In 2015, Stevie Marie Mardjetko was living in New York City and working a day job in the medical field when she received a call from her mom, Karen.
Stevie, then 24, had recently graduated from The New England Conservatory of Music with a bachelor’s degree in vocal performance. The Lake Forest native was in New York to pursue an opera career, but Karen proposed an alternative: moving home to become business partners. She didn’t have a plan—she wasn’t even exactly sure what they’d do—but she was confident that as a team, they would be a success. Her daughter accepted.
One might say chasing rainbows is a fool’s errand, but the two literally did just that—and struck gold in the process. By the end of the next year, the Mardjetkos launched Stevie Wren, a fine jewelry line known for its use of multicolored diamonds.
“I come from a generation that forged women’s rights,” says Karen. “And I see that younger women lack mentorships; people aren’t really investing their time in them. So when I was ready to start a new business, I told [Stevie] she needed to be a part of it. We wanted to a fun lifestyle project, and jewelry kind of evolved from that.”
StevieWren (an amalgam of their first names) was initially conceived as an online retailer that carried other brands. In the name of research, the two took off for trips around the globe—Europe, Asia, South America, and Africa—to educate themselves about sourcing and jewelry-making techniques. But they quickly realized their ambitions were better served in the form of a namesake line.
“We would look at designs and think, ‘This would be better if you did this, or tried that,’ “ says Karen. “We started getting asked to design for other brands and manufacturers, so we thought, ‘If we’re going to that, then let’s just take a risk and do it ourselves.’”
They took an unorthodox approach, first showing their line at High Point Market, a luxury furniture showroom in North Carolina. The unintended benefit eschewing a jewelry sales rep was that it gave the women time to explore their style and find their niche.
“Where in the jewelry world were we going to fit in?” Karen asked. “Stevie would look in one direction—edgy, millennial—and I’d look in the other. We originally thought of designing for college girls, like gold-plated fashion jewelry. But my eye was going toward higher end—classic designs with long lasting form. Our emphasis as a company was to merge the aesthetics of both generations.”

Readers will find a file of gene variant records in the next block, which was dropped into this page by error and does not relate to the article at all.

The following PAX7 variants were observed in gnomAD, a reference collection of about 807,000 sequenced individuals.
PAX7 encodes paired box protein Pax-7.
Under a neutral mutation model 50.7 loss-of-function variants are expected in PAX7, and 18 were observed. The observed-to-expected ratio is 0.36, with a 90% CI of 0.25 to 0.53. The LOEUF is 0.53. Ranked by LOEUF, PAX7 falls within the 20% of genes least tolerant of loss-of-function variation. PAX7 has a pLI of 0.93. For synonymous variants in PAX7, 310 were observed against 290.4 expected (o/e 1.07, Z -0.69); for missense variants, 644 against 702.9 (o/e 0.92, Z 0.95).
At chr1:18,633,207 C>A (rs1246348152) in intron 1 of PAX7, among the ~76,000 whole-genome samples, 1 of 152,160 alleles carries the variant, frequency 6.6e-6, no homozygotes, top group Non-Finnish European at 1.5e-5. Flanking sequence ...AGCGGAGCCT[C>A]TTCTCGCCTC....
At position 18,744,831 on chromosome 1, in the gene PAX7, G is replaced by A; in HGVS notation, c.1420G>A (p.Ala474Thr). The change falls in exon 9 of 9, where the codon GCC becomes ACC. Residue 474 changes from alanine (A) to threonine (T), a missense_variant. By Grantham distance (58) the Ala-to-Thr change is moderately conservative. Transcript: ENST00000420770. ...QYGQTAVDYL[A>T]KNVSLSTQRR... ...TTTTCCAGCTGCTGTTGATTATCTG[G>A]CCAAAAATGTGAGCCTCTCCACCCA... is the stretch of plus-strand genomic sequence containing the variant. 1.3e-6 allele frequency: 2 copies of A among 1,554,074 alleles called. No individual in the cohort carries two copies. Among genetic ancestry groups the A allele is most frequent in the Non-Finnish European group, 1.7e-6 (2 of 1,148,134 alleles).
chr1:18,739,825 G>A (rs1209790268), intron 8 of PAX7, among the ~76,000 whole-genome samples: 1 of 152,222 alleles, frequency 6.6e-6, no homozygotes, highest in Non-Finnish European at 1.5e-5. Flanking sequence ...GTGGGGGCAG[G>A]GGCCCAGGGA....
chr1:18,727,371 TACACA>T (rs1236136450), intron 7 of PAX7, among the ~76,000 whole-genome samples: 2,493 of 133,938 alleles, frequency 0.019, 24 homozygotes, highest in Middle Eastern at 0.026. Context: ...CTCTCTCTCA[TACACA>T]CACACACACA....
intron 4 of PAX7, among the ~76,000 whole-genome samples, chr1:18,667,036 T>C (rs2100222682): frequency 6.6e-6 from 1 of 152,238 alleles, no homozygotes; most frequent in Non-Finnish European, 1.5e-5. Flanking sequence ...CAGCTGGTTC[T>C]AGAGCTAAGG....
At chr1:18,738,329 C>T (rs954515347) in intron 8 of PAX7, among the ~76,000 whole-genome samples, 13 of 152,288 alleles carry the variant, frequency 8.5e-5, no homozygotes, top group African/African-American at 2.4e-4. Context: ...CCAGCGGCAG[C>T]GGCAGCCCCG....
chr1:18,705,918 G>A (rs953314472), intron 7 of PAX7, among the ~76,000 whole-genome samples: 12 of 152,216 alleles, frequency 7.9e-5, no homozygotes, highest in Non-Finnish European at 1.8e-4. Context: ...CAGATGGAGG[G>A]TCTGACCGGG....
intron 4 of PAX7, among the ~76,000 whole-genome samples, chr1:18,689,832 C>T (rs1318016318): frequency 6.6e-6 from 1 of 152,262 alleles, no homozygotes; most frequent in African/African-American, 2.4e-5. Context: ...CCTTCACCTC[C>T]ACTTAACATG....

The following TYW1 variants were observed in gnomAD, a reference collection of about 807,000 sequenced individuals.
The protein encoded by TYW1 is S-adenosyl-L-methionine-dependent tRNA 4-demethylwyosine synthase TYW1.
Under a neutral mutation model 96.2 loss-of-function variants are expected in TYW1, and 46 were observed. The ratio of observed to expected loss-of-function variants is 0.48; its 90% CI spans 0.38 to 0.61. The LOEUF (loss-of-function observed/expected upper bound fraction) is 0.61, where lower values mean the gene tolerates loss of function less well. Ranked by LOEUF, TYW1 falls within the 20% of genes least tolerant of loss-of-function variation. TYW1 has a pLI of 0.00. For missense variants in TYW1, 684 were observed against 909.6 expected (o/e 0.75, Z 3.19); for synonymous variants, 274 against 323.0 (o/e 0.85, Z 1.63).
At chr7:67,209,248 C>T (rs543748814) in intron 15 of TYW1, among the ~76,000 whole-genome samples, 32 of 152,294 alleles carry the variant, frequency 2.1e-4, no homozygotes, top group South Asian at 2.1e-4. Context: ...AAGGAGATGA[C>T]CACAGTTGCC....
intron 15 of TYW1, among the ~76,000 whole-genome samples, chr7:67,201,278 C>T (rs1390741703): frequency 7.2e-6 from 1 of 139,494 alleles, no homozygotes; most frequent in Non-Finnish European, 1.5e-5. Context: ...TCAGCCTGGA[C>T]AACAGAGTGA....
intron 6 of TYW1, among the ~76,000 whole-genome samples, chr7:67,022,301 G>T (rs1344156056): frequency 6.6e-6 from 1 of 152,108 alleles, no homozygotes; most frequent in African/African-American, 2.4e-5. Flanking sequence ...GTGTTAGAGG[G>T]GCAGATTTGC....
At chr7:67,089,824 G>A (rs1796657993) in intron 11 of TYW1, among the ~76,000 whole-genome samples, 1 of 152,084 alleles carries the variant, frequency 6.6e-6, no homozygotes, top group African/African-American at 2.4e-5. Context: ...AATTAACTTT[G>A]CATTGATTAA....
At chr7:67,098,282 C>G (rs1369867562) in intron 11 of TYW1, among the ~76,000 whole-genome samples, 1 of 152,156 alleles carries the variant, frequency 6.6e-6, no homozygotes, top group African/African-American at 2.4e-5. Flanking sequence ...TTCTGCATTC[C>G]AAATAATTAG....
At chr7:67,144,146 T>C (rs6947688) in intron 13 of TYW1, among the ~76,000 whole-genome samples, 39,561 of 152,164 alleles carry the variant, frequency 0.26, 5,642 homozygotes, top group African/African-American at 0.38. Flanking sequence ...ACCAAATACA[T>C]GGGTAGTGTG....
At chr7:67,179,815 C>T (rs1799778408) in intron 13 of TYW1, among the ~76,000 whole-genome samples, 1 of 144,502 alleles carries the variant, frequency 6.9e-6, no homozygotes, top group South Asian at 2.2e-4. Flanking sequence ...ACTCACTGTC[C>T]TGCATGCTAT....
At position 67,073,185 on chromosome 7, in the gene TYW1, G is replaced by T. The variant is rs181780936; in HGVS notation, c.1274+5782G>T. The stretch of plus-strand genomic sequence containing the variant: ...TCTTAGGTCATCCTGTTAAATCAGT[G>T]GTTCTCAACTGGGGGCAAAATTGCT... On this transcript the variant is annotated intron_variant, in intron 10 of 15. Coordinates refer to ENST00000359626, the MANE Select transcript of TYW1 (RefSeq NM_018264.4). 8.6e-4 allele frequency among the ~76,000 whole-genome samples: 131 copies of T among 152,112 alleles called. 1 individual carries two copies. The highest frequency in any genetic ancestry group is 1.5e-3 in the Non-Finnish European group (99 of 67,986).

The results of their something-for-everyone approach are dazzling, if not dizzying. There are classic tennis bracelets, of-the-moment single studs and ear cuffs, and rings that can be stacked to the knuckles. Pieces can be custom designed with hand-selected stones in every color—a point of pride, as the Mardjetkos credit themselves with discovering the potential of colored diamonds before their competitors.
“Everyone here in the U.S. likes white diamonds,” says Karen. “We wanted to be different and separate ourselves from other lines. When we initially pitched buyers like Bergdorf and Neiman’s, they weren’t ready for us yet. But then they were, and we were there.”
Today, StevieWren designs are carried in upscale boutiques and at Neiman Marcus locations across the country. But earning a place in top-tier showcases has been a journey that has tested—and strengthened—the bonds of the Mardjetko’s relationship.
“We are together 24 hours a day so it can be an emotional rollercoaster,” says Karen. “But at the end of the day, after a heated discussion, then it’s ‘What do you want to cook for dinner?’ It’s business and it’s stressful because we are a start-up, but we don’t take it personally.”
Like any partnership, their success comes down to compromise.
“My mom is good at the actual inspiration whereas I like styling and put things together well,” says Stevie. “It’s nice to have someone to bounce ideas off of, even if there are times when we don’t agree at all. Sometimes you have to let one person take over while the other sits back. There are things I wouldn’t think would be a best seller…”
“And vice versa!” Karen interjects. “But they are. And that’s what we love about this cross-generational thing. We are different people with different skill sets, so we fell into certain roles organically.”
But for mom, the business is about much more than bringing their bling to the masses. Karen was diagnosed with lymphoma this past October and has been undergoing chemotherapy treatments ever since. (A special pendant necklace was released in her honor in February; proceeds will go towards cancer search.) As she battles the disease, it’s crucial that she imparts lessons about resilience and strength to her daughter.
“I feel like there’s this lack of sustainability to be empowered as a woman and have your own career and money,” she says. “I want Stevie to have that empowerment—to be her own person. If I was going to be in business with anybody, why not my daughter? There’s been so much growth and it’s fun to see her learn and take on leadership. Letting her take charge of certain things and learn about the pressure of owning your own company is something I enjoy.”
“Growing up we were always really close,” says Stevie. “Like best friends. And while I was in college we got even closer. Learning how to navigate this business together just brings another important aspect to our relationship.”
For more information on StevieWren, visit steviewren.com.